This is a book of essays by a Zen Buddhist Abbot who visited the United States in 1905-6, translated by another figure who was instrumental in introducing Buddhism to the West, Daisetz Teitaro Suzuki. Originally titled Sermons of a Buddhist Abbot, it has been reprinted in numerous editions as Zen for Americans and is currently in print under that title.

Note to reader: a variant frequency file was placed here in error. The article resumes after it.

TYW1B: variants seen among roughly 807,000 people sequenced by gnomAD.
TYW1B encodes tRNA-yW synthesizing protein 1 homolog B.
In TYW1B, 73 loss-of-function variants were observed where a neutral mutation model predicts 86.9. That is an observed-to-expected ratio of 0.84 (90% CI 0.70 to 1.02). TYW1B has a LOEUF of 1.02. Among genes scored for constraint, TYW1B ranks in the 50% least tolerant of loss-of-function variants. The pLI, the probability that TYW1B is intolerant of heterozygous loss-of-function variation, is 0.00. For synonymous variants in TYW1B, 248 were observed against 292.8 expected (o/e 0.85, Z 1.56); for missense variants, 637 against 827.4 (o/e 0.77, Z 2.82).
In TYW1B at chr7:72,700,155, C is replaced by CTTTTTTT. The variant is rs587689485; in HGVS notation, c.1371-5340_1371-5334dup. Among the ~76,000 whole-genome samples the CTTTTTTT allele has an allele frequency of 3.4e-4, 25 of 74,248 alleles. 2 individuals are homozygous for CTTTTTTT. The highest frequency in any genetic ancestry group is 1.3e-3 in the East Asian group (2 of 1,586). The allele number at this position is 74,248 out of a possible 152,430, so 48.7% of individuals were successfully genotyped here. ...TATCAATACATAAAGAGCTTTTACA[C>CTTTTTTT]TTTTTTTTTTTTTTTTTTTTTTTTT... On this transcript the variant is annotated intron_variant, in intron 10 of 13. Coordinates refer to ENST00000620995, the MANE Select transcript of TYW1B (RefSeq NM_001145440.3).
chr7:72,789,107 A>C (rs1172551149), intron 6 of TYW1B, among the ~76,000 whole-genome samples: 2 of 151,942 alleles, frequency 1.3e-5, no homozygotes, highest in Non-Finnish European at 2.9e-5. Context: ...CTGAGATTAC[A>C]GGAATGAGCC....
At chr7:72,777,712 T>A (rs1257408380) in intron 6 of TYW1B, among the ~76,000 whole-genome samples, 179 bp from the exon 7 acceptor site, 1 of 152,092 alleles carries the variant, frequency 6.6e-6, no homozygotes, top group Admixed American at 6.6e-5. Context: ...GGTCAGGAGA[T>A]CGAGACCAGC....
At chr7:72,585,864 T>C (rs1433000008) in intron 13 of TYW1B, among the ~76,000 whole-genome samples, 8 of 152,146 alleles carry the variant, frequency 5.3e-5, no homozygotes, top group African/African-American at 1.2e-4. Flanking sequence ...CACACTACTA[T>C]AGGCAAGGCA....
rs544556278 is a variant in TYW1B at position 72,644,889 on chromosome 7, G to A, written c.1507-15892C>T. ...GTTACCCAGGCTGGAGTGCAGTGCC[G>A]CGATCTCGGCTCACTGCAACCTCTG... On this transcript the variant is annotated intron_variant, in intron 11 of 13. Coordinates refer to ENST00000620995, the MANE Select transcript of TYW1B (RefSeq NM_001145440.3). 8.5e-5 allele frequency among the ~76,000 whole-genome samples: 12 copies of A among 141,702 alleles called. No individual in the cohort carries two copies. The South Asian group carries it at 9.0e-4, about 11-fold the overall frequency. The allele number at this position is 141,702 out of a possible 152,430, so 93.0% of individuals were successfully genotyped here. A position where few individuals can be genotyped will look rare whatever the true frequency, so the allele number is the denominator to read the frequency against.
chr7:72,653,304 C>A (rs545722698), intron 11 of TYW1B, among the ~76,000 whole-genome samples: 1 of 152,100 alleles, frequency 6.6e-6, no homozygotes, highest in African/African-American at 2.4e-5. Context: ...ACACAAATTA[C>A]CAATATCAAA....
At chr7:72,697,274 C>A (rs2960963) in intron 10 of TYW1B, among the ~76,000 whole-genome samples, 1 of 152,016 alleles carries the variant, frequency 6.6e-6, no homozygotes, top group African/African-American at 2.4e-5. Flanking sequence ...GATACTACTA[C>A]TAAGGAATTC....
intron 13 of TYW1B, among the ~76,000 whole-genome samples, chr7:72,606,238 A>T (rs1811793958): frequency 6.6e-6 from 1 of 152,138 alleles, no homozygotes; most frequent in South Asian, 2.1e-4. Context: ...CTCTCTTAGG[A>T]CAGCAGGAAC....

The book includes a translation of The Sutra of Forty-Two Chapters, which was the first Buddhist document translated into Chinese, and which had a huge influence on the development of Zen. Many of the essays are introductions to various Buddhist topics for Christians, and all of them are ideal for a general audience. The two essays which close out the book which discuss the Buddhist attitude towards war and peace, and are of historical interest because they were referenced by Leo Tolstoy in his anti-war declaration.